The sound of lightning cracks the atmosphere. The wind picks up and creates waves that rise and fall as hills of water and terror. A lone boat rises and falls with each tormenting wave, its single sail beaten and ragged, threatening to rip to shreds. Desperate and scared men struggle to see past the heavy rain, their attempts at keeping the vessel from filling with water return void. In the stern of the fishing boat, a tired and rugged man sleeps, his dreams undisturbed by the storm and its power. But finally the men give up and run to his side. They shake him, shouting and screaming, their voices filled with terror and worry. Slowly he awakens, a spirit of fire rising within his innermost parts. Standing to his feet, he looks around at the mighty waves, he hears the terrific cracks of lightning, and he feels the bitter rain bite his tender cheeks. He is not scared of the rain, he is not worried for the lightning, he is not terrified of the waves. They all form an orchestra and he is the composer. The men wait in anxious expectation of what he will do. Coming from his mouth come but three words.
“Peace! Be still!”
And the wind stops.
The lightning runs and hides.
The waves bow.
And the sea is at once still.
And the storm is silenced under the words of he who is called Most Beloved.
We all know the story; how the disciples and Jesus crossed the sea of Galilee in a boat and how a great storm arose and tormented the vessel until Jesus was awakened from his slumber and calmed the sea. We read it and think, “how nice; Jesus calms the storm just like he can calm the storm in my life.” La-dee-da, yay for us. Jesus is cool and we love what he can do for us. But after reading this story recently, I was struck with something I had not noticed before. After Jesus calms the storm he chastises his disciples on their lack of faith and wonders at them. Most times I hear this story, I think of the lack of faith having to do with them not believing in his ability.
But I don’t think that’s necessarily what he’s hurt over here. Yes, the disciples were amazed at the miracle of calming the sea. But that wasn’t the first rodeo they were at. By this time Jesus had already demonstrated his power in incredible ways- healing the sick, casting out demons, and turning water into wine. He clearly had authority over nature and carried a supernatural ability given to him by God. Why else would they have awakened him? They knew he could save them, they knew he was the only one who could deliver them from perishing in the storm. So why then was the only Son of God amazed at their lack of faith? In the gospel of Mark it says the disciples came to him frightened and anxious, and asked him “Teacher, do you not care that we are perishing?”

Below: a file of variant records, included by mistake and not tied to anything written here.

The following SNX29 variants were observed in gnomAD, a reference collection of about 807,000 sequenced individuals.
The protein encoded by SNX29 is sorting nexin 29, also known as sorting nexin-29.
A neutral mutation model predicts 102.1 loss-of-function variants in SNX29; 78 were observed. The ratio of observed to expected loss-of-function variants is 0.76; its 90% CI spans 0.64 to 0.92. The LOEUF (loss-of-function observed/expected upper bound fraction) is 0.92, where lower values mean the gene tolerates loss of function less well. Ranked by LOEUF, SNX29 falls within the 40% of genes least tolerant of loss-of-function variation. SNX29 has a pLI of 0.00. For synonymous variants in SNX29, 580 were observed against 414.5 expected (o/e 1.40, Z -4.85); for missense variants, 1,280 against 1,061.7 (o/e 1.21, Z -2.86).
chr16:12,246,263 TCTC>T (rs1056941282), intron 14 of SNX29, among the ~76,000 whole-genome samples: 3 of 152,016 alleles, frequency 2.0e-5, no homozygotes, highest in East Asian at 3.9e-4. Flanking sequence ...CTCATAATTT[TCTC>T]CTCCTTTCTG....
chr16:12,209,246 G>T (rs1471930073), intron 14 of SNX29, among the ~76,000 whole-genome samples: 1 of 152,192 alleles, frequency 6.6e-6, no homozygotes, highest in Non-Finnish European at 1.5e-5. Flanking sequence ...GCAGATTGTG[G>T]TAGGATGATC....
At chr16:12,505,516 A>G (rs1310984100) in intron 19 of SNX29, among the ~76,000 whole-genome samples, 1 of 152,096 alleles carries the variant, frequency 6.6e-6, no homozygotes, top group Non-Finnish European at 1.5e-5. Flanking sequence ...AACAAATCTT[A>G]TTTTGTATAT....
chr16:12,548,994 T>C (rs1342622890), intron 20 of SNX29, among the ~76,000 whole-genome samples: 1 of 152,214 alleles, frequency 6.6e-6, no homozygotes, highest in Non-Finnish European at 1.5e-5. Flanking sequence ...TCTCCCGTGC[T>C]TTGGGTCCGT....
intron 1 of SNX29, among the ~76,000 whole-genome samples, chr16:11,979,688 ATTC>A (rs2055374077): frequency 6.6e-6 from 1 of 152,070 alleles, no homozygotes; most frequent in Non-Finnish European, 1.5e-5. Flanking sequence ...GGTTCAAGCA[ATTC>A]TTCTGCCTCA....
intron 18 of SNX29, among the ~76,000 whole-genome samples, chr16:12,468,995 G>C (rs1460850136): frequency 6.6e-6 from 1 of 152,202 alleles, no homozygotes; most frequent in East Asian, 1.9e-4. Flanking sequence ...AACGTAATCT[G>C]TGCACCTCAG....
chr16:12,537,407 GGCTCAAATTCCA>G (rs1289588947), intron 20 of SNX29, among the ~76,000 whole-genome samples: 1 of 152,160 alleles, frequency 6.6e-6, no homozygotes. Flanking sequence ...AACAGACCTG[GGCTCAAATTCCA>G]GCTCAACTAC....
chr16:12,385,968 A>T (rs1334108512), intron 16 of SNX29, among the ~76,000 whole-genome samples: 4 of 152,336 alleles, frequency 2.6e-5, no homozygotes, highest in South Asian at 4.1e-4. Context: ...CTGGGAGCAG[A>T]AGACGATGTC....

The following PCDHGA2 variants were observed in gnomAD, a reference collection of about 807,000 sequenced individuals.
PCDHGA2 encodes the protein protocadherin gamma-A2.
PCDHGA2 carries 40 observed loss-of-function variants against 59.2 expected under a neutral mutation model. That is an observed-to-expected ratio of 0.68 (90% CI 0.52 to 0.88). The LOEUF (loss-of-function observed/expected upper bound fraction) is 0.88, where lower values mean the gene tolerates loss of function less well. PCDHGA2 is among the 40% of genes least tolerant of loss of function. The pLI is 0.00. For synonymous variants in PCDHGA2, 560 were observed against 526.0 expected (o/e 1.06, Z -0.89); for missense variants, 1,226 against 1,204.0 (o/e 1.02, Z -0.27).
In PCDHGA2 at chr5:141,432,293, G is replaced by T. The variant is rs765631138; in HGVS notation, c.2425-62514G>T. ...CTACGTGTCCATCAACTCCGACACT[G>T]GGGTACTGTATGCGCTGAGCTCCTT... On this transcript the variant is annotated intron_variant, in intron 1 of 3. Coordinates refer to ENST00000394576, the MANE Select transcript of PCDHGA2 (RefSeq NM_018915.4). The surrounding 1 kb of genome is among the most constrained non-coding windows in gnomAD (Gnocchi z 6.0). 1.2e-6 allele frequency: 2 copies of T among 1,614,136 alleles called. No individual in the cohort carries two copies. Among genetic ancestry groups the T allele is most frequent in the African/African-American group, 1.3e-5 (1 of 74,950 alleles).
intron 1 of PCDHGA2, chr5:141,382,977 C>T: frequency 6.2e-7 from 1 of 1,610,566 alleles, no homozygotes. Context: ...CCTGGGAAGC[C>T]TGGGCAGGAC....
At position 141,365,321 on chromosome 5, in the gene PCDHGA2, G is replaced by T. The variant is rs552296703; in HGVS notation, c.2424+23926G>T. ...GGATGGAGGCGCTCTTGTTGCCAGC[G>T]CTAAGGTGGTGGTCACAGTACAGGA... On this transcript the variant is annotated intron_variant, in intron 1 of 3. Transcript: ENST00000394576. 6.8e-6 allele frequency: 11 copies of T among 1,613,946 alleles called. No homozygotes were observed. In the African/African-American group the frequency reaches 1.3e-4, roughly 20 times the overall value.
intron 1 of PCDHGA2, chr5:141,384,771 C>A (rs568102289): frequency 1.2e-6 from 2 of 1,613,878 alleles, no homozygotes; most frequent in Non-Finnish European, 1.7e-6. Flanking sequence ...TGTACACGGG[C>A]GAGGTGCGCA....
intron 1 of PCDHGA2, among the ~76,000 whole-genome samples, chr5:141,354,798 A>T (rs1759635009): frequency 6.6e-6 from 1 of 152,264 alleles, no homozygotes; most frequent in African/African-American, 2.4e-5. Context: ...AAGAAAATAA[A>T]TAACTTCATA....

Catch how they worded that? Do you not care that we are perishing?
Don’t you care about our safety?
Don’t you care about us?
Don’t you love us?
What if their greatest lack of faith was in doubting he loved them and cared about them?
What if he was hurt most in their ignorance of his love? In doubt of his compassion? I think the Great I Am knew that a storm was raging on while he slept. I think he knew it had the capacity and strength to sink their vessel and take the lives of those most close to him. I think he waited for them to wake him in joyful suspense, in eager expectation, like a father who waits for his son to ask him to teach him something he finds he cannot do on his own. He delights to show us his power, he adores our dependence on his care for us. He knew they would need him to calm the storm. They could not do it. They were still weak in their faith. They needed him. But what if what hurt him that stormy night was not their dependence on his strength alone to save them, no; what if he was hurt that they questioned his love for them.
Our greatest act of faith is faith in his great love for us.
“Do you not care that we are perishing?”
It reminds me of a child, who, after not receiving the toy they begged for, whines “I thought you loved me!”
How many times do I approach God like that child. I just had a hard day on top of a hard week that seemed so unfair for God to let happen to me. I stumble onto heaven’s doorstep, knock hard upon the door of the Most High and fall in a dramatic heap of tears and selfishness when my Maker opens the door. “Why me God?” I ask, my self-centered tears blinding me from seeing the glory of the Father of Lights. “Don’t you even care that I’m perishing?”
My sin is not in approaching the throne of grace and asking of Him who owes me nothing, it’s doubting the love of my Lord and savior. My sin is not that I doubt his power in my life but that I doubt his care over me. Our divine Friend loves it when we ask of him and make requests known to him; for his power is endless and he delights in showing us his greatness. But we must approach him with confidence, not only in his ability but in his love and affection for us.
Our attitude must reflect his aptitude.
So when the storms come, and come they will, run to your heavenly Father with the boldness of heaven.
Wake up your Teacher.
Rouse his unquenchable Spirit.
Cry out to him to save you.
But never, ever doubt that he loves you. Just because he sent you out upon the sea doesn’t mean he created the storm. Remember that when the storm rages and threatens to sink your little boat and all hope seems lost you have the Creator of the known and unknown universe sleeping in the stern.
Wake him up.
Cry out to him.
But do not doubt his love.
“Can a woman forget her nursing child And have no compassion on the son of her womb? Even these may forget, but I will not forget you.”